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Knowing the facts

Kari Swanson

Last column, I began discussing myths and facts of suicide.

I want to finish this discussion because, again, if myths of suicide are believed to be facts then a person’s ability to reach out and assist someone struggling with a suicidal crisis is lowered.

Some people believe that only experts can prevent suicide. This is a myth. This is something that is believed because people get afraid to get involved.

Suicidal thinking is scary. It is scary to the individual going through it and it is scary for those around the individual going through it. Liken it to a heart attack or someone choking. If you see this happening and you are armed with the knowledge to assist someone while help is on the way, isn’t that a good thing?

Suicidal thoughts spoken out loud are no different except it is not always a blatant dramatic scene like someone choking or experiencing a heart attack. However, if you know how to talk to someone who is experiencing suicidal thoughts, listen and get them help; you are saving a life just like when you provide first aid and life saving techniques for someone having a heart attack or choking.

Fear tends to paralyze us and knowledge and being prepared and knowing what to do tend to lessen fear.

The fact is, suicide prevention is everybody’s business and anyone can help prevent the tragedy of suicide. Be aware, be observant, know the signs of someone struggling and listen to the words someone speaks, then, just be there.

There is a belief that those people who talk about suicide will not actually do it. This is a myth. The fact is, people who talk about suicide may attempt an act of self-destruction and talking about suicide is also a person’s way of trying to reach out when they are in a very dark place internally.

The hard part is the people who do not outwardly speak of their suicidal thoughts or intent but may show some signs such as isolating self, changes in appetite and sleep, giving away possessions, speaking of not “being here” for events coming up and drastic changes in mood. There are definitely outliers to this. I’m sure we have all heard of loved ones, following the death of someone by suicide, state that the person seemed happy the week prior to his death. There are instances in which a person has decided to end his life, has a date in mind and a plan and follows through. A person will sometimes experience euphoria in his mood, which means there appears to be an uplifting mood prior to the act of suicide. Sometimes this occurs because this person has made the decision to end his life and is at peace with this decision. There are definitely people that make a decision to end their life and do not give any indication of this. For the most part, however, people tend to give behavioral clues, direct or indirect.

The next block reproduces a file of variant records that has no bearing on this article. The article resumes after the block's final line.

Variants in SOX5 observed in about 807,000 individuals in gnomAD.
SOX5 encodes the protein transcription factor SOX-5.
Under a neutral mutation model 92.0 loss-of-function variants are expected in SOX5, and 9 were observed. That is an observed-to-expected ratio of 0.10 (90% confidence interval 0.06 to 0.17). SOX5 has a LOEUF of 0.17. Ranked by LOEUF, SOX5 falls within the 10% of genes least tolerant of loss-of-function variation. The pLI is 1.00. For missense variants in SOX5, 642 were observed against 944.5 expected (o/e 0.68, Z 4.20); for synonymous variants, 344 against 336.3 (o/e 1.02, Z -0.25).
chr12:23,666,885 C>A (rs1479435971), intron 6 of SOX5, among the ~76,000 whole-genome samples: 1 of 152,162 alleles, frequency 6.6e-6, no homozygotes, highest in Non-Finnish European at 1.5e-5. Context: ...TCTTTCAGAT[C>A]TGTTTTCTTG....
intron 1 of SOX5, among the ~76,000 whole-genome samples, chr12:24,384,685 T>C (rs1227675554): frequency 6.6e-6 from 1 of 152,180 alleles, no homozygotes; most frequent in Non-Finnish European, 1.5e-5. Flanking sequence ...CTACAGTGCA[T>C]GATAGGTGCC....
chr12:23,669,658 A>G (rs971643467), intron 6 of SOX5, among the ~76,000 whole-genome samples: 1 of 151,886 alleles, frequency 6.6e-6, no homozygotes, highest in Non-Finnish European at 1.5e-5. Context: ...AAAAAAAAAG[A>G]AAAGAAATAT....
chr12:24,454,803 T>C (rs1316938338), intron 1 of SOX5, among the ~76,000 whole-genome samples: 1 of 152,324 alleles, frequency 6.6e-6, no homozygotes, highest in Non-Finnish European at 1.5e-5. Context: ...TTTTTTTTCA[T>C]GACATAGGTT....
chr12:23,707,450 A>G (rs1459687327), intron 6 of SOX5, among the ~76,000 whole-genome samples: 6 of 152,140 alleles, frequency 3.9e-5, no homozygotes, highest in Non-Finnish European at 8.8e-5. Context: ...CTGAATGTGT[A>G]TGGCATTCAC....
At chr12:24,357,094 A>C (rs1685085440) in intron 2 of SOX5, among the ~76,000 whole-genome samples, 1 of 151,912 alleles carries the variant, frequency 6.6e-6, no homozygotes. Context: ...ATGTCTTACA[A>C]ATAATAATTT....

The most important thing in suicide prevention is to be aware, be observant, and be there. It is up to both parties to be engaged. The person experiencing the crisis needs to reach out, talk about it and feel safe.

Connection is important. Help cannot be given if it is not known that help is needed. This comes back to stigma and breaking the stigma of mental health being kept a secret. We deal with physical health. We tell people when we had the flu, how we broke our arm and that we just took medicine for a migraine. We need to be able to tell people when we are not feeling well emotionally without having to make excuses why. We need to be there for those that are not feeling well emotionally without having to feel we need to fix it. Be there. Listen.

If you are reading this and are struggling with private thoughts that are frightening you, reach out. Please. People care and want to help but cannot help if they don’t know you need help. You matter. Your life matters. What you are going through can be temporary, but suicide is permanent.

The suicide prevention lifeline is 1-800-273-8255, and the texting line is TALK to 741741.

Kari Swanson is a Master’s level clinician with 25 years of working in the mental health field. She is the founder of CORE–Choosing Openness Regarding Experiences which is a non-profit organization with the mission to provide mental health awareness and suicide prevention education to Warren County.

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